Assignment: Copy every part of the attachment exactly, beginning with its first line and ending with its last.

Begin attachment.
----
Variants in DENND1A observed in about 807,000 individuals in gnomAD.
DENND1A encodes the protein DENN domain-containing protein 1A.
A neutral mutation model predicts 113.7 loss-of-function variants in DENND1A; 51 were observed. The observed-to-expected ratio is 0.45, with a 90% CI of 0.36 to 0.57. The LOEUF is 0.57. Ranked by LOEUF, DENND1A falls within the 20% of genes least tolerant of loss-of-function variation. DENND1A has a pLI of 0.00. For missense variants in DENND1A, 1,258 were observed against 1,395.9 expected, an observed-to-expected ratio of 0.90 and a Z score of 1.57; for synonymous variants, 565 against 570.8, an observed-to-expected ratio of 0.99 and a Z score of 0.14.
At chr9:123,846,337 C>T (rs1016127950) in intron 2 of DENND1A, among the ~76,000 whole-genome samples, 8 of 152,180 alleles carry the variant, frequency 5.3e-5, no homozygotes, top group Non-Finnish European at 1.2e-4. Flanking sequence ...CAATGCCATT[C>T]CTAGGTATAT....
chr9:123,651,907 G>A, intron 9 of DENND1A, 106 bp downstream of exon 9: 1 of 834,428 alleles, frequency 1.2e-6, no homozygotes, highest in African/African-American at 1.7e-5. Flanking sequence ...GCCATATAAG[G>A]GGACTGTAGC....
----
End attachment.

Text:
Variants in DENND1A observed in about 807,000 individuals in gnomAD.
DENND1A encodes the protein DENN domain-containing protein 1A.
A neutral mutation model predicts 113.7 loss-of-function variants in DENND1A; 51 were observed. The observed-to-expected ratio is 0.45, with a 90% CI of 0.36 to 0.57. The LOEUF is 0.57. Ranked by LOEUF, DENND1A falls within the 20% of genes least tolerant of loss-of-function variation. DENND1A has a pLI of 0.00. For missense variants in DENND1A, 1,258 were observed against 1,395.9 expected, an observed-to-expected ratio of 0.90 and a Z score of 1.57; for synonymous variants, 565 against 570.8, an observed-to-expected ratio of 0.99 and a Z score of 0.14.
At chr9:123,846,337 C>T (rs1016127950) in intron 2 of DENND1A, among the ~76,000 whole-genome samples, 8 of 152,180 alleles carry the variant, frequency 5.3e-5, no homozygotes, top group Non-Finnish European at 1.2e-4. Flanking sequence ...CAATGCCATT[C>T]CTAGGTATAT....
chr9:123,651,907 G>A, intron 9 of DENND1A, 106 bp downstream of exon 9: 1 of 834,428 alleles, frequency 1.2e-6, no homozygotes, highest in African/African-American at 1.7e-5. Flanking sequence ...GCCATATAAG[G>A]GGACTGTAGC....